Robin Roberts Answers Questions About Her Trip to the Gulf Coast

Robin Roberts answers a selection of your questions about her trip to Mississippi to report on the local devastation from Hurricane Katrina. The "Good Morning America" anchor first offers her gratitude for the support she has received in both e-mails and message board posts this week:

My family and friends and loved ones on the Gulf Coast cannot put into words the outpouring of love, support, prayers -- it's making a tremendous difference.

The thing that was said to me over and over again was "please don't forget us," and to be able to share with them some of the Web postings and the requests from the public, from the viewers -- I wish that you could see the reaction of the people when I tell them that. As a journalist, I'm supposed to be good with my words. I'm at a loss for words. It's indescribable. But thank you from the bottom of my heart, thank you, thank you, thank you.

Diane asks: With all the coverage in the news, why can't we get the journalists to drop bags of food and water from their helicopters? Do you feel a responsibility to help the people you are reporting on?

Robin Roberts: We had a satellite truck that had a satellite phone, it was like a phone booth. People were lining up to call loved ones. It was like gold. They felt how I felt traveling all day Monday not knowing what I would find.

We brought cases of water and cereal bars and nonperishables that we gave to everyone. It's share and share alike down there. I gave something to my family and it was like they had a little command post in their neighborhood. And it's not just us, I've seen other journalists as well, anything that we have we're giving. When we left there, anything that we had left over of course we did not bring with us.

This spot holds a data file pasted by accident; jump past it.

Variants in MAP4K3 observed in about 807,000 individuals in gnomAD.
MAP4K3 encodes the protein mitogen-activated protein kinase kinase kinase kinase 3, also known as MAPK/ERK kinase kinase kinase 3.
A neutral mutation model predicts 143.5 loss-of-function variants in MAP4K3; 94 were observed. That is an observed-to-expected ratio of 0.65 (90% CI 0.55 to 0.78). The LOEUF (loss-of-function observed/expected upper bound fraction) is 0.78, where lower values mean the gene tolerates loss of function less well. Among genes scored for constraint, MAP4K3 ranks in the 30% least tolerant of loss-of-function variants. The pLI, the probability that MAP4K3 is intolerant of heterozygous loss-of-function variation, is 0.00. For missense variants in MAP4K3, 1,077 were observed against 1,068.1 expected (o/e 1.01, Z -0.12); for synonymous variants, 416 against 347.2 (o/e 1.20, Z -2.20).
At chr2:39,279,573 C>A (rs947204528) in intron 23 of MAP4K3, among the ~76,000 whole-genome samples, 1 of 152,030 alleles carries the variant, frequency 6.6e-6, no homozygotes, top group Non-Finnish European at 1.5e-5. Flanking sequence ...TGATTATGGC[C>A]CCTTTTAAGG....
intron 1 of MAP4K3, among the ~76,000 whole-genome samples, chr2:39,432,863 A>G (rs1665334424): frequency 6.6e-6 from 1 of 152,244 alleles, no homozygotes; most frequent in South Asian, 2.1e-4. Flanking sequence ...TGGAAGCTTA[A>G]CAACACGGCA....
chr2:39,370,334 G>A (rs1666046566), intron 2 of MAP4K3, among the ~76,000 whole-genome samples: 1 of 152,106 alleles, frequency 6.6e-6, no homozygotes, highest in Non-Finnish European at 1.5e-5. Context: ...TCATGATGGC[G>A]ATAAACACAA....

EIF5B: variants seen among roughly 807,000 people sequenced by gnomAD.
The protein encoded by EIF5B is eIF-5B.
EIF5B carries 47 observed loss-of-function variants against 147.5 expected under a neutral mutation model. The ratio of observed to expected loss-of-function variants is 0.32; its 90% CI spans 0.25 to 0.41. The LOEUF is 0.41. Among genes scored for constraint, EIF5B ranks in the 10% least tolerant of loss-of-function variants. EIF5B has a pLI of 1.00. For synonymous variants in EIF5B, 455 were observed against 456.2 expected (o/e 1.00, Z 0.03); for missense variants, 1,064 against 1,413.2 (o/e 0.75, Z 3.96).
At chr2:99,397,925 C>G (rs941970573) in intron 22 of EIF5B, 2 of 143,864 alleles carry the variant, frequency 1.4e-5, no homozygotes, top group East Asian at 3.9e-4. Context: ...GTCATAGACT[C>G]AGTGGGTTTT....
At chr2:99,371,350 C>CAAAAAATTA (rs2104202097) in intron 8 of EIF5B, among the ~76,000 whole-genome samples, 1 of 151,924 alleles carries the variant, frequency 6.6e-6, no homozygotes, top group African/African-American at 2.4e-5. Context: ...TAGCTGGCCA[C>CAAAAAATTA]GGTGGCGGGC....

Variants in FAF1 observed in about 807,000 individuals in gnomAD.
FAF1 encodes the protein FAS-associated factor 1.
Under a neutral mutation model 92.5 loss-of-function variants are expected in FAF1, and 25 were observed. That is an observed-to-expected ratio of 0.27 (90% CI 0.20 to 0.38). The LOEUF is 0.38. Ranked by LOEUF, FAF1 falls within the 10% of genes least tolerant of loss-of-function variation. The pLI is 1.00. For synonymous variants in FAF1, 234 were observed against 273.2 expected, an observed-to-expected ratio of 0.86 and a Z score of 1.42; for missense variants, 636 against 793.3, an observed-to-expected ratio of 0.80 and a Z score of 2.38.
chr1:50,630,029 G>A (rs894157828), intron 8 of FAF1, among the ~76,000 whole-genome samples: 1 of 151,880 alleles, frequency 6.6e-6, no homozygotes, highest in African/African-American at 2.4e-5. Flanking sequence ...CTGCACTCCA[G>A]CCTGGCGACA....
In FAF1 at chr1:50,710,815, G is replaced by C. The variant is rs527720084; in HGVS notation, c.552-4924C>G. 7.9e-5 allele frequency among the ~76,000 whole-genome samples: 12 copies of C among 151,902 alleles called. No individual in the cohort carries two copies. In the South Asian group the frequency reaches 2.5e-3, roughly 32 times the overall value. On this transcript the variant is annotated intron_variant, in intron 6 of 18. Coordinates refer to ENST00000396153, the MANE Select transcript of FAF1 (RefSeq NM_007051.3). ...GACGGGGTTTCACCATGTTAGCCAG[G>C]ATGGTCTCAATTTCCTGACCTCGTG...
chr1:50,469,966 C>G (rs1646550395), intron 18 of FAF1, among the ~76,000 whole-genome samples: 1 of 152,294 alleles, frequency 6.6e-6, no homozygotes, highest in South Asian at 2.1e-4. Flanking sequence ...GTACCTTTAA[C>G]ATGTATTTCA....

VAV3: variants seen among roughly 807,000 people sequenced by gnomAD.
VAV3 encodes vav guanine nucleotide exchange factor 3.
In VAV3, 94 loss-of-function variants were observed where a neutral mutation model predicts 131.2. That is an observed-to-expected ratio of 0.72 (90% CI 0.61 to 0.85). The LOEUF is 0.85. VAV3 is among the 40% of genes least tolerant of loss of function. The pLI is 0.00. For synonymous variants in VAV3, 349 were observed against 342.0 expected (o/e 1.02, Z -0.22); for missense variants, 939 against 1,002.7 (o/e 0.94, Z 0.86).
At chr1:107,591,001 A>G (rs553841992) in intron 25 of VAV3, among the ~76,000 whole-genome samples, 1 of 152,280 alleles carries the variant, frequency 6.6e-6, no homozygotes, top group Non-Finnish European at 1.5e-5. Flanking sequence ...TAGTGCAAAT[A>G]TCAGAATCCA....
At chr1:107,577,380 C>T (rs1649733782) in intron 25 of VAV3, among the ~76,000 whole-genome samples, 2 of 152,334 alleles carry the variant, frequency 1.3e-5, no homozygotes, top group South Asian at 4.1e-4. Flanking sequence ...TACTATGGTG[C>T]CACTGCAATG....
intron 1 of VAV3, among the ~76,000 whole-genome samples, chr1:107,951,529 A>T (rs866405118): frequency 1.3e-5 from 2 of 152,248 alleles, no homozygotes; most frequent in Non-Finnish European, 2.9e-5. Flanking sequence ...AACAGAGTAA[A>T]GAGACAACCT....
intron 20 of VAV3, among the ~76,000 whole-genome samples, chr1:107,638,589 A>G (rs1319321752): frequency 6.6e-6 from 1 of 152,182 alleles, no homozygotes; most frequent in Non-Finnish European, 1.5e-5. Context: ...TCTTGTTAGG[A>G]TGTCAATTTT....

I have heard, and even Diane Sawyer this morning asked the president, why can't we just drop supplies? But it is so waterlogged right now, the response was, it is just not feasible. It's more of a danger right now. FEMA is assuring us that we will see a noticeable difference on the ground with aid. Having been there -- it's gotta get there now.

Camille in NYC writes: Please let all the people down there know that everyone is thinking about them. Without electricity, they must be wondering if the rest of the country has even heard about what has happened. How are they getting information?

Roberts: I want people to know that what I was telling my mother and other Coast residents, that people are e-mailing, people are calling. People are asking, that people want to help -- you should have seen their eyes. They're isolated down there, they don't a have a clue what's going on. It was so hard for me to leave yesterday, and they were just saying, "Please, please make sure people don't go forgetting about us." And I was like, "Help is on the way."

Kristi writes: What should those of us that live in the upper U.S. do to help the cause? I'm 14 and I want to help.

Roberts: Right now they need money, any amount, anything you can do in your respective community to raise funds and send it. Make sure that when it's being sent to organizations that it's earmarked for Hurricane Katrina relief.

Right now money is needed, more so than goods and clothing. That's later, but right now any type of funds that can be raised and don't worry about the amount.

Patti asks: Did your family lose their home? How is your mom doing?

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